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"If Graffiti Changed Anything, It Would Be Illegal"-Banksy


Banksy Words of Wisdom

Why New Graffiti is Still Illegal

Flashback to ancient Roman times, you are on a pilgrimage and you have just arrived at the Parthenon in Greece or maybe you have just walked into the city of Rome. Do you know what you would see? Graffiti, everywhere. Scratched into the columns, stony buildings and any surface that could have a significant meaning to travelers. For centuries people have wanted to leave their mark and they have.

Now come up to the 1960s. Graffiti has just exploded in Philadelphia because of one man, "Cornbread", who has painted a full sized aircraft and half of the animals in the Philadelphia zoo. The graffiti revolution is about to begin.

The New York Scene-Circa 1980s
In the 1980s, New York exploded with Graffiti. Teenagers, young people and children, eager to be noticed and to defy authority bombed trains with their nicknames. Tagging everything in sight with Magic Markers and spray paint, graffiti overtook New York's subway system. Before the decade was out, however, the authorities found new ways to clean trains quickly and efficiently and also were effected more serious punishments for graffiti.
Many people were disgusted and remain disgusted with this type of vandalism, but some art gallery directors saw this as an opportunity and for a small time graffiti littered the galleries of New York. The artists were snatched off the streets, told to paint on canvas, were used, abused and sent back to their homes with a bit more money than they had before. The graffiti scene, however, stayed strong, but not in the galleries.

The Present
Graffiti artists now days are nothing short of activists and promoters of change. Sure, there is still gang graffiti used in turf wars and vandalism, but most graffiti, especially large scale pieces in large cities have a different idea behind them.
World renowned graffiti artist Banksy is one of those people. His satirical and humorous stencil work litters most of the United Kingdom and on occasion, comes to the United States. Banksy used the phrase, "If Graffiti Changed Anything, It Would Be Illegal" for which this article is named. And I think he's right. These artists, the activists and changers, are trying desperately to make the middle class world we live in see some of the horrors that we ignore on a daily basis. Tyrannical laws, inhibiting freedoms and the horrors of capitalism are being addressed and because graffiti is considered a low art form or vandalism, it's ignored.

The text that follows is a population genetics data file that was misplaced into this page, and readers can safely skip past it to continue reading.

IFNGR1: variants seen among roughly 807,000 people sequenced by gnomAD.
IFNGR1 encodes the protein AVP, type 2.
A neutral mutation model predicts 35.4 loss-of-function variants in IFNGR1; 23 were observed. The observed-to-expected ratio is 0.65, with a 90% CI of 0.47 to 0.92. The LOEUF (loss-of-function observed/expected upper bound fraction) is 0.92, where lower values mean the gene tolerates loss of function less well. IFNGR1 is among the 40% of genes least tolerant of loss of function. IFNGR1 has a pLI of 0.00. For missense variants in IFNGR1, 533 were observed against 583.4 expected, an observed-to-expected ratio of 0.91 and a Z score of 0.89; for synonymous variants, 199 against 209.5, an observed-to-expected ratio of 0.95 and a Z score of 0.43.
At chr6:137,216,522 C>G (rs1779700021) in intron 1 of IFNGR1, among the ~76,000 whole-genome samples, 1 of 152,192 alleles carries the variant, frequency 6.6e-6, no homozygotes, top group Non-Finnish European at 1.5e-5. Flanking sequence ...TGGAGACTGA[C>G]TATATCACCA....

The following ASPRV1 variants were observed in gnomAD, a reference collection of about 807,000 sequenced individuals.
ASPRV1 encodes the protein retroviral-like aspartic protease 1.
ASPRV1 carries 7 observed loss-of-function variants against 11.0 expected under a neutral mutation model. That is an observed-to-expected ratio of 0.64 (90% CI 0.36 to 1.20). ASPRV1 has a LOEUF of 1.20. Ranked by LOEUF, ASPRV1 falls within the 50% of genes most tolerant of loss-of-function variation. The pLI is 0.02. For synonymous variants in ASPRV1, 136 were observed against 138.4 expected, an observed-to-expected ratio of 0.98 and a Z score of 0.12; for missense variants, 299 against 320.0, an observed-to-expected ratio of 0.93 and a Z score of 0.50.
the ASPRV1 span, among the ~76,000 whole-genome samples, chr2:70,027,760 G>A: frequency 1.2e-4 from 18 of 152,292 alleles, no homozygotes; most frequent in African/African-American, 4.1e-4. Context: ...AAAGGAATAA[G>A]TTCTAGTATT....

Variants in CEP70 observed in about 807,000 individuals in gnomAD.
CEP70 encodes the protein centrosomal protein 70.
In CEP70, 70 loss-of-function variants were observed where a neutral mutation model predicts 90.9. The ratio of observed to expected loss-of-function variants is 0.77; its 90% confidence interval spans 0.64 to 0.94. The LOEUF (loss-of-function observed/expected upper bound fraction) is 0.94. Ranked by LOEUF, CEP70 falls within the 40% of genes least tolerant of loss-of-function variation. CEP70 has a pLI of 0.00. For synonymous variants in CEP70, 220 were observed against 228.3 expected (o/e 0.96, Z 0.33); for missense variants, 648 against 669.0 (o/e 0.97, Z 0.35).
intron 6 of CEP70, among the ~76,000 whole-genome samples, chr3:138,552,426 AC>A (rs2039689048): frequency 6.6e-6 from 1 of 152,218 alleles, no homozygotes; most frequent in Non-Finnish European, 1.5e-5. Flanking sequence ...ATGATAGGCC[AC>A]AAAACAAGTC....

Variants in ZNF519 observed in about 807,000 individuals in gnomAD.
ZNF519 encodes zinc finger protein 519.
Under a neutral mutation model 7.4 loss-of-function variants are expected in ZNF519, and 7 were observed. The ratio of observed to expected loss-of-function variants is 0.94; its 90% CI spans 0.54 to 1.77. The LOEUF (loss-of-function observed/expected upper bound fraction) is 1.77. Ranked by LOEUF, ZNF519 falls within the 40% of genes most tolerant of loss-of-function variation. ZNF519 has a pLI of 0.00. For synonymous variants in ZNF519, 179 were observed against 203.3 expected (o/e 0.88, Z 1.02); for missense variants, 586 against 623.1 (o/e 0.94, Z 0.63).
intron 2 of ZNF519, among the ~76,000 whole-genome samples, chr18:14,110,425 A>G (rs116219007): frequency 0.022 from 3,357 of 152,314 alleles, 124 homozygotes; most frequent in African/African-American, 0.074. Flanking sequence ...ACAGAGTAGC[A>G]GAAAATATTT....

Did you know, if you live in anything the size of a minor city or larger, you are on film almost every waking minute of your life? Every time you use the internet, a credit card, your cell phone or any electronic media you are being tracked. Does that sound like freedom to anyone? Homeless people die of exposure everyday in the streets, but the U.S. is supposed to be the land of opportunity. Just not opportunity for homeless/poor people apparently.
These are the kind of issues graffiti artists are trying to address. I say "graffiti artist" because I don't mean people who destroy public property for amusement, I mean people who paint messages on our walls to help us because we are blind to the problems.

What's Wrong with This Picture
According to Graffitihurts.com, the average cost per taxpayer is about $1-3 a year to clean up graffiti. So taking the midway at $2 a person with a population of 311,591,917 people, that is approximately $623 BILLION DOLLARS! Do you know what we could do with $623 billion dollars???!!! Cleaning up gang graffiti is one thing, but with all that money, we could probably get rid of gangs and homelessness, not to mention a whole bucket of other things in a year alone.
What I'm trying to say here is that a good majority of graffiti is activism (which is legal I might add) and it should not be looked at as a crime. With all the money the U.S. spends silencing people's opinions and views, a lot of other things could be helped. If homelessness were cleared up with that money a great majority of activist graffiti would clear up. If some issues in legal structure and ridiculous politics were cleared up, a great majority of activist graffiti would disappear.

Fix the Problem, not what makes you realize the problem is present.

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